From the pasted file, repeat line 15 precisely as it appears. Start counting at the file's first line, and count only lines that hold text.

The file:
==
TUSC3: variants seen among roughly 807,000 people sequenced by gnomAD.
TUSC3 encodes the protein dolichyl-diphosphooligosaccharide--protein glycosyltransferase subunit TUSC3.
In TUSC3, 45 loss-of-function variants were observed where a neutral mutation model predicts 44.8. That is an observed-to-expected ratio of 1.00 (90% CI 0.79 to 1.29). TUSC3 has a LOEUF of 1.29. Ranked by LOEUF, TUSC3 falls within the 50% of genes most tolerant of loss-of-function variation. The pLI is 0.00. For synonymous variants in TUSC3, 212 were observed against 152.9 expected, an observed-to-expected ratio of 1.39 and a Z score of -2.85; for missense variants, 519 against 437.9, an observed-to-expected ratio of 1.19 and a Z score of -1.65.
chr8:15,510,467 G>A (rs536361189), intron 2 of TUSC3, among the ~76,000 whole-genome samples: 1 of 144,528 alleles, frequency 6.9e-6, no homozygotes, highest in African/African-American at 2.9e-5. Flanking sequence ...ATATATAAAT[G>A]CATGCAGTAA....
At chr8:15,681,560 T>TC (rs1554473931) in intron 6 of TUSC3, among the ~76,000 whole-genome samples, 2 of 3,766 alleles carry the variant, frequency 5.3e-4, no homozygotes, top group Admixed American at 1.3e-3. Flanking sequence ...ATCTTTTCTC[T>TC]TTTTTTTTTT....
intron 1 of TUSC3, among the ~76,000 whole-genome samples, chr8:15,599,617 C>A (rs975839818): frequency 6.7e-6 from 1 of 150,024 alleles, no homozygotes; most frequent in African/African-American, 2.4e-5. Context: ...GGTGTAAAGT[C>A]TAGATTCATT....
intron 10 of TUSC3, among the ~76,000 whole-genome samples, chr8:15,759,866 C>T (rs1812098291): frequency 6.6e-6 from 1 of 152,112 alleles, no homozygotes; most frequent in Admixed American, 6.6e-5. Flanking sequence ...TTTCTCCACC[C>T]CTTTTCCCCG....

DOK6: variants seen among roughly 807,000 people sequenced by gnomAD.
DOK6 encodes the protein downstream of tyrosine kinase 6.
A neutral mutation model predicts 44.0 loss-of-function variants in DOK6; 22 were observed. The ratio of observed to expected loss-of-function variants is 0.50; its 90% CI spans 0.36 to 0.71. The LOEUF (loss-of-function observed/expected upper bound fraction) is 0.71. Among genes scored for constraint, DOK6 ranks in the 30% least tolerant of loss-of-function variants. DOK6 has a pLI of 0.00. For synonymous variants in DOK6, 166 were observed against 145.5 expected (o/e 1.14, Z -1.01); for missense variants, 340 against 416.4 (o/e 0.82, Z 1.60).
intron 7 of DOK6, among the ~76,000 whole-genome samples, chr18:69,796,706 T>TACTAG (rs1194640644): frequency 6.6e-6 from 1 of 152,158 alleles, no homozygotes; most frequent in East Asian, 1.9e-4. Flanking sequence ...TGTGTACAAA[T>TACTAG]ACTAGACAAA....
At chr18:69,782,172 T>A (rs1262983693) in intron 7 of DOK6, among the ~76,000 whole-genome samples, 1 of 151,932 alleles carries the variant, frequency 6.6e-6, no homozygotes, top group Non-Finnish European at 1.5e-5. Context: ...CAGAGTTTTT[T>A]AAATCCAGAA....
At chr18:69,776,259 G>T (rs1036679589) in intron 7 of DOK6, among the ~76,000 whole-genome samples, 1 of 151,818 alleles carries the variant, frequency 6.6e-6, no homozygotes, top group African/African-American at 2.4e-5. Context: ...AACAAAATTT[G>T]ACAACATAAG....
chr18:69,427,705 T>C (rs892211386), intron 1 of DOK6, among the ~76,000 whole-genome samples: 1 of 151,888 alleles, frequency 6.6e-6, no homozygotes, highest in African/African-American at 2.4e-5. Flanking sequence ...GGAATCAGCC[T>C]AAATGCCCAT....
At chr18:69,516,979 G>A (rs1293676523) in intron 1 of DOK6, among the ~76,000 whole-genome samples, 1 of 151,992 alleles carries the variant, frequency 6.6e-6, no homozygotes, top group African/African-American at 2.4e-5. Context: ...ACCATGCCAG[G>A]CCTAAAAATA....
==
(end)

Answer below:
At chr18:69,516,979 G>A (rs1293676523) in intron 1 of DOK6, among the ~76,000 whole-genome samples, 1 of 151,992 alleles carries the variant, frequency 6.6e-6, no homozygotes, top group African/African-American at 2.4e-5. Context: ...ACCATGCCAG[G>A]CCTAAAAATA....